When you begin to write a retrospective on such a monumental film, released before you were born, it is difficult to know what the movie going public were used to – the social climate of the time and what the limitations of cinematic effects had on movie goers expectation.
However what you can say is that Jaws, the first blockbuster, is still as taught and terrifying as ever.
The story of a city cop coming to a quiet town, only to be met by a menace has been a reoccurring theme in horror/thriller for years but Brody has the Mayor and peak tourist time to contend with before he sets sail to hunt the shark. After a spate of shark attacks on Amity Island Chief Brody implores the town to close its beaches, but with their livelihood at stake the islanders refuse.
It is well documented that Spielberg, and his crew, had terrible trouble controlling Bruce the Shark and it surely has to be the most fortuitous problem in cinema lore.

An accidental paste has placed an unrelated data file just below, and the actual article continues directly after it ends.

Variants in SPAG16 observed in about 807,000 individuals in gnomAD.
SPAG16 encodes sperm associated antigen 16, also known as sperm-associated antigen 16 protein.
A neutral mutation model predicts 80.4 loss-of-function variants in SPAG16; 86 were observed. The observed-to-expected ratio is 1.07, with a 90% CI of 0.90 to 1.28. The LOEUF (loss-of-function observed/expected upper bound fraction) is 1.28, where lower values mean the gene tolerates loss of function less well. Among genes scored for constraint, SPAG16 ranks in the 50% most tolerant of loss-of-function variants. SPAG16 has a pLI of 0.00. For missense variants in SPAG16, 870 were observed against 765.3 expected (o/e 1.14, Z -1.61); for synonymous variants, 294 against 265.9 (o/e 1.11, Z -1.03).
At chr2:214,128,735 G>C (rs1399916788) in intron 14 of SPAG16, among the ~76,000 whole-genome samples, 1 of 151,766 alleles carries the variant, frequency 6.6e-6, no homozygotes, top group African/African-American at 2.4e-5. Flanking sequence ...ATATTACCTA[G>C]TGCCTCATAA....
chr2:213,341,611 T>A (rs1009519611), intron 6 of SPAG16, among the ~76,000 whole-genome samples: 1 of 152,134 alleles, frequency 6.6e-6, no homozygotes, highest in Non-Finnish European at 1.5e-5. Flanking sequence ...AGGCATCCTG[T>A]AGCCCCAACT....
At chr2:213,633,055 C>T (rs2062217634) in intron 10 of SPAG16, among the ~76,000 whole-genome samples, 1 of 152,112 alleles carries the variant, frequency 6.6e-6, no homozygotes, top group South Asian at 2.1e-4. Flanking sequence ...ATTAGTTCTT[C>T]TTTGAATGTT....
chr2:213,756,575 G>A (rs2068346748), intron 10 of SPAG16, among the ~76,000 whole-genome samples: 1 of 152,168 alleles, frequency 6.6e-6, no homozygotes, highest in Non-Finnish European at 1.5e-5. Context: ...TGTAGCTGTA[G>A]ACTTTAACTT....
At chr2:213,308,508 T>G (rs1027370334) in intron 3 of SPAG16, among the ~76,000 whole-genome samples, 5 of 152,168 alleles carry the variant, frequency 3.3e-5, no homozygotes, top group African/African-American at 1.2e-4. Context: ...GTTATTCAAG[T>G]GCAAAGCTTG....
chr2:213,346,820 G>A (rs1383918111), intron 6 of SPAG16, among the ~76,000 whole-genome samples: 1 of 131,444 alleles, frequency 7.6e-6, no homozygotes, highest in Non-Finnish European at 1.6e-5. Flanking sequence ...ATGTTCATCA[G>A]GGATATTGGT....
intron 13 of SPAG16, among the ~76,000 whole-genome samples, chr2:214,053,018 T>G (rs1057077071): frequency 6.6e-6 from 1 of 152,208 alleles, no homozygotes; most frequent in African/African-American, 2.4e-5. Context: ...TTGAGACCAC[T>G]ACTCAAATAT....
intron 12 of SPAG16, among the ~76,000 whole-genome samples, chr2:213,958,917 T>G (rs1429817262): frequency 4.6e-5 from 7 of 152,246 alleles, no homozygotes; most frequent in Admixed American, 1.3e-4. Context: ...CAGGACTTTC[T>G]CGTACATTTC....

The young director took the decision to hide the shark from the viewer for the majority of the picture and use Hitchcockian suspense as the main driver for our fear – and it works an absolute treat. Alright, when we see the shark it is clearly a rubber puppet but the image of Bruce devouring the Orca and Quint stayed with me for a very long time as a youngster.
John Williams’ ominous score knits the whole picture together with a sense of dread and urgency and a theme that even people who haven’t seen the film can hum on demand.
I can’t recall too many films where the score is as much a character as the monster/villain (maybe only paralleled by The Exorcist or Halloween) and it is as fierce as Bruce.
Jaws is as relevant, scary and thrilling as it was thirty years ago and I’m still afraid to go into the water.
Additional film information: Jaws (1975)